Automated business technology run amok

While less tragic than a fatal plane or car accident, the technology world has recently seen its share of software-induced mistakes causing significant financial or reputational harm. For Target and Home Depot, it resulted in being overwhelmed by automated security scans to the point of ignoring actual breaches. At Microsoft, unchecked automation let a presumably intelligent software bot to learn conversation on Twitter, becoming a racist misogynist in the process. In each case, the limits of AI and software automation become apparent when systems interact with often unpredictable events and occasionally malicious actors.

The Tesla, Target and Microsoft cases illustrate three risks of extreme automation. In order, they are:

  1. Complacency born of the system being almost always right, leading to human inattention and surprise when it erroneously handles rare or unexpected events. In this case, the automation can do damage that, depending on how fast the situation unravels, may be irrevocable. Unfortunately for IT, the chain of events can move very quickly, such as when an errant trading algorithm went wild and lost Knight Capital Group $440 million in 30 minutes, leading to its demise as an independent company.
  2. Data overload that leaves people unable to detect meaningful information buried in a stream of noise or willfully ignoring valid warnings amidst a stream of false positives. Target was the victim of this scenario, and while the ultimate cause was probably a mix of improperly configured and tuned security software and negligent or and overworked network engineers, the sorry result was an automated system that failed to provide the protection Target spent millions of dollars procuring.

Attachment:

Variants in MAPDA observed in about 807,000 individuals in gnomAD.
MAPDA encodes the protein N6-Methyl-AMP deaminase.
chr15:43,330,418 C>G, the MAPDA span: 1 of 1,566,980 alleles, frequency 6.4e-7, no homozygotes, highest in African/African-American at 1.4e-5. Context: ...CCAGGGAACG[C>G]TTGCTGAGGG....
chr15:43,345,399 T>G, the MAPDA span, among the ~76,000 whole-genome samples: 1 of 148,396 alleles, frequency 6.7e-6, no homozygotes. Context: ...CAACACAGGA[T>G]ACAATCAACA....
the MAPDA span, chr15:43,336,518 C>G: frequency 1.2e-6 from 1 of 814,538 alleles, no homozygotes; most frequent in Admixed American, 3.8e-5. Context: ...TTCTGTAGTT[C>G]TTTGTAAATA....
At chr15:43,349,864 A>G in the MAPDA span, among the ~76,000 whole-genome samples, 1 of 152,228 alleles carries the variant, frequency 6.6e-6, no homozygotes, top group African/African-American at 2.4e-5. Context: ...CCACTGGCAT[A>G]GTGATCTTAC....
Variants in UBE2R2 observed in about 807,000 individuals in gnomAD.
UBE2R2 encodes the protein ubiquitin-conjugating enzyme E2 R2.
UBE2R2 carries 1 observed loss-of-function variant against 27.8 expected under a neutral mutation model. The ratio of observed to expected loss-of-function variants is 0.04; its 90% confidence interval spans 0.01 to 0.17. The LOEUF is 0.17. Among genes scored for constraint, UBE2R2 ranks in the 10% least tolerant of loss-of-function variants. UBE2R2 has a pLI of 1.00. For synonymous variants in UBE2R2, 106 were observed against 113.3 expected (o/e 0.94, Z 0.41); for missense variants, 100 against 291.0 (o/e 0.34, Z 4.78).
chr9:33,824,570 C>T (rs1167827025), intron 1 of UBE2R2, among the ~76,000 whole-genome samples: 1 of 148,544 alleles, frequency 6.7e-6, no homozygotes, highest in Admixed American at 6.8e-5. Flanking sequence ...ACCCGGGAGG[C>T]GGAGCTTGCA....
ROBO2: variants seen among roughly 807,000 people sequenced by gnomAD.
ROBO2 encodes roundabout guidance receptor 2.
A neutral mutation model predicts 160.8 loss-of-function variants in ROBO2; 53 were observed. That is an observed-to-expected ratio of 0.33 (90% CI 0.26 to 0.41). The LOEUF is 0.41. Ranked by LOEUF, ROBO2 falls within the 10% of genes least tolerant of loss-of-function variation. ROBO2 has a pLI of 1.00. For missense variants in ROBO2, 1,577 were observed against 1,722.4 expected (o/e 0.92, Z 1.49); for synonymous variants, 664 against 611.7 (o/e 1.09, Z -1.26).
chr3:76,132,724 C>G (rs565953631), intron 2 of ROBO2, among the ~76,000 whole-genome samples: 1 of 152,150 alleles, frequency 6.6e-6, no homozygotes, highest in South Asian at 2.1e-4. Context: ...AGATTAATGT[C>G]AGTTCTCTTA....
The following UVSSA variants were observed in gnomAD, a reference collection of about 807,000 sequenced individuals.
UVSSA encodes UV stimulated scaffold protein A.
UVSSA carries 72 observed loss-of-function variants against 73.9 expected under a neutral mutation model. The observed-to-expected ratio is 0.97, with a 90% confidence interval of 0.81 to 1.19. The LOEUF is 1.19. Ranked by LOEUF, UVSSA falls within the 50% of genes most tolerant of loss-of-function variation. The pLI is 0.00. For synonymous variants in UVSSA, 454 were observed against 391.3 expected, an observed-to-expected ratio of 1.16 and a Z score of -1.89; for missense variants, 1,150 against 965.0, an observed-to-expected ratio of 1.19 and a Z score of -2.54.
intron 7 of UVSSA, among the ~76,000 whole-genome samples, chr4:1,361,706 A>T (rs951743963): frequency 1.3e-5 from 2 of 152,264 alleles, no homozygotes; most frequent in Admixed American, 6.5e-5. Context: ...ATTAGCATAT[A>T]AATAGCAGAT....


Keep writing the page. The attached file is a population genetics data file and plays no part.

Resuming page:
3. Unsupervised use of a self-training algorithm that ends up optimizing around the wrong set of inputs with no boundaries on what the software considers an acceptable outcome or behavior. Here we find Microsoft's chatbot the latest example of AI run amok that's been the theme of so many dystopian sci-fi movies. While a rude chatbot is a far cry from the maniacal HAL 9000, the prospect of unsupervised algorithms learning the wrong lessons and optimizing around undesirable outcomes is a genuine risk of un- or minimally-attended use of automated, adaptive software.

My take

While Carr's conclusion is made with vehicle control systems in mind, I believe he also provides a valid warning for business executives and technology professionals,

What the aviation industry has discovered is that there’s a tradeoff between computer automation and human skill and attentiveness. Getting the balance right is exceedingly tricky. Just because some degree of automation is good, that doesn’t mean that more automation is necessarily better. We seem fated to learn this hard lesson once again with the even trickier process of automotive automation.

Ceding greater control to software automation comes with a risk. Whether it's increasingly sophisticated BI systems that can make business decisions or software to automate and accelerate business processes and transactions, business leaders and technical professionals can't let their skills atrophy in the face of algorithms that usually get it right, but fail in the most spectacular of ways. The consequences of automation complacency are rarely fatal, but as organizations from Wall Street to retailing have discovered,  they can be financially and reputationally ruinous. Caveat Utilitor.